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Going through this lecture note on bias-variance trade-off, I didn't follow the latter part of this paragraph.

It shows the common situation in practice that

(1) for simple models, the bias increases very quickly, while

(2) for complex models, the variance increases very quickly. Since the riskiness is additive in the two, the optimal complexity is somewhere in the middle. Note, however, that these properties do not follow from the bias-variance decomposition, and need not even be true.

The 'It' in the above paragraph refers to the below image:

enter image description here

Questions:

1) If these are properties then why don't they follow from the bias variance decomposition, which states that: $ E[(Y-\hat{f}(x))^2] = \sigma^2 + \text{Bias}^2 + \text{Var}(\hat{f}(x))$.

2) And, under what conditions are they not true?

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  • $\begingroup$ 1) why should they follow from the decomposition ? It doesn't say anything about complexity. The definition you have in 1) is for a given model complexity. As far 2), if you somehow had the true underlying model. ( not estimated ), then, because there is no concept of complexity in this case ( we know the true model), then the bias won't be a function of complexity and neither would the variance , so the relation wouldn't be true in that case. $\endgroup$ – mlofton Feb 1 '19 at 15:18
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    $\begingroup$ There may be a potential to mis-read the quotation. "These properties" refers to the assertions about rates of increase in bias and variance for "simple" and "complex" models, not to the bias and variance. At best these properties are heuristics--and obviously they are separate from the bias-variance trade-off relationship. $\endgroup$ – whuber Feb 1 '19 at 20:30
  • $\begingroup$ @mloftonThe definition in 1 is for any model complexity. Re 2: why is there no complexity if we have the true model. Your second point contradicts the first. You say in first that the decomposition does not say anything about complexity and at the same time in second you implicitly assume that it does. $\endgroup$ – naive Feb 1 '19 at 20:32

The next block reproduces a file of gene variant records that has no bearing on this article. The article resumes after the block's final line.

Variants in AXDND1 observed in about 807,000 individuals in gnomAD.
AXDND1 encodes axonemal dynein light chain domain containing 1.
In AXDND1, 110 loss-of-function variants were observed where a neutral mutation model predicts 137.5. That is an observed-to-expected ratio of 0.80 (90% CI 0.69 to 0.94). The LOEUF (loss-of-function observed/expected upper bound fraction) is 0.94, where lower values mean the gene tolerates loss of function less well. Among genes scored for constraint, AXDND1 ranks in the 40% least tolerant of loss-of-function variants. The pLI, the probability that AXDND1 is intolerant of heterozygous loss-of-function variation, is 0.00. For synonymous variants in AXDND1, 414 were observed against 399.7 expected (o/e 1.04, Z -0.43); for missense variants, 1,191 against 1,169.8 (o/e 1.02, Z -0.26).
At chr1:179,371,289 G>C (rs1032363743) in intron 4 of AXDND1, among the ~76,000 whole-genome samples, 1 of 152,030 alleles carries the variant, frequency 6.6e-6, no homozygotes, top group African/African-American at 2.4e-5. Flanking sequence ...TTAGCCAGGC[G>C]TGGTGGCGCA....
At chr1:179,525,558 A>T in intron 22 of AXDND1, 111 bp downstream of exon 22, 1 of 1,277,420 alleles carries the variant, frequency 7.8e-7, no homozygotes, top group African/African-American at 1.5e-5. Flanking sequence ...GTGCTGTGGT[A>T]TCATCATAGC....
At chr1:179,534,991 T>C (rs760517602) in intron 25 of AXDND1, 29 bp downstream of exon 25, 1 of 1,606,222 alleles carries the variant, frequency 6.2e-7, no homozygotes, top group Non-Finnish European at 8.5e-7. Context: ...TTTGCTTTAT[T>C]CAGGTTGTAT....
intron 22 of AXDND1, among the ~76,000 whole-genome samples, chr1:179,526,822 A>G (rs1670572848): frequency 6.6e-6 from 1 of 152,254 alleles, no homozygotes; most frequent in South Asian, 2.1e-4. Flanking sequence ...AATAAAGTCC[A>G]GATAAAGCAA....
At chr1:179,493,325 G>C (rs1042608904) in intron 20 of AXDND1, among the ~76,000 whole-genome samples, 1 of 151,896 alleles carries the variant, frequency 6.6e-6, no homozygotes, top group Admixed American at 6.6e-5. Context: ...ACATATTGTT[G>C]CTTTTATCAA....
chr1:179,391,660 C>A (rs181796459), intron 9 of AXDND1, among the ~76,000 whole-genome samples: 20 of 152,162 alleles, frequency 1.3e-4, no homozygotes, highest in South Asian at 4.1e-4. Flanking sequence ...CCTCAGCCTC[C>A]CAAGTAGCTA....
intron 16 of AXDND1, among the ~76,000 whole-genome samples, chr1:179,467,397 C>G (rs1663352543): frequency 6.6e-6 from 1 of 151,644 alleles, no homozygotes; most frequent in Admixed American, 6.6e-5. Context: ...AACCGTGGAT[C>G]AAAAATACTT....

• $\begingroup$ @whuber- I must agree to your comment that these properties are heuristics. But they are nevertheless important to understand the bias variance trade-off relationships in a very intuitive way. I am just looking for something that will supplement my understanding. Cheers! $\endgroup$ – naive Feb 1 '19 at 20:38
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    $\begingroup$ While @whuber is correct that these are heuristics, another way to think about things is as a guide to what we mean by model complexity. Any reasonable definition of model complexity will cause these properties to be true. $\endgroup$ – Matthew Drury Feb 1 '19 at 20:50
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As mentioned by @whuber in comments, these properties are heuristics and they talk about the rates of increase in bias and variance and not the bias and variance with respect to the model complexity.

From Wikipedia:

In statistics and machine learning, the bias–variance tradeoff is the property of a set of predictive models whereby models with a lower bias in parameter estimation have a higher variance of the parameter estimates across samples, and vice versa. 

And on bias-variance decomposition:

The bias–variance decomposition is a way of analyzing a learning algorithm's expected generalization error with respect to a particular problem as a sum of three terms, the bias, variance, and a quantity called the irreducible error, resulting from noise in the problem itself.

So, the property that has been referred to in the question --bias variance tradeoff -- is a property of a set of predictive models, in general. As noted by @whuber the image in the question is a way of demonstrating that property heuristically.

And, the bias-variance decomposition is a way to analyze the generalization error of an algorithm for a particular problem.

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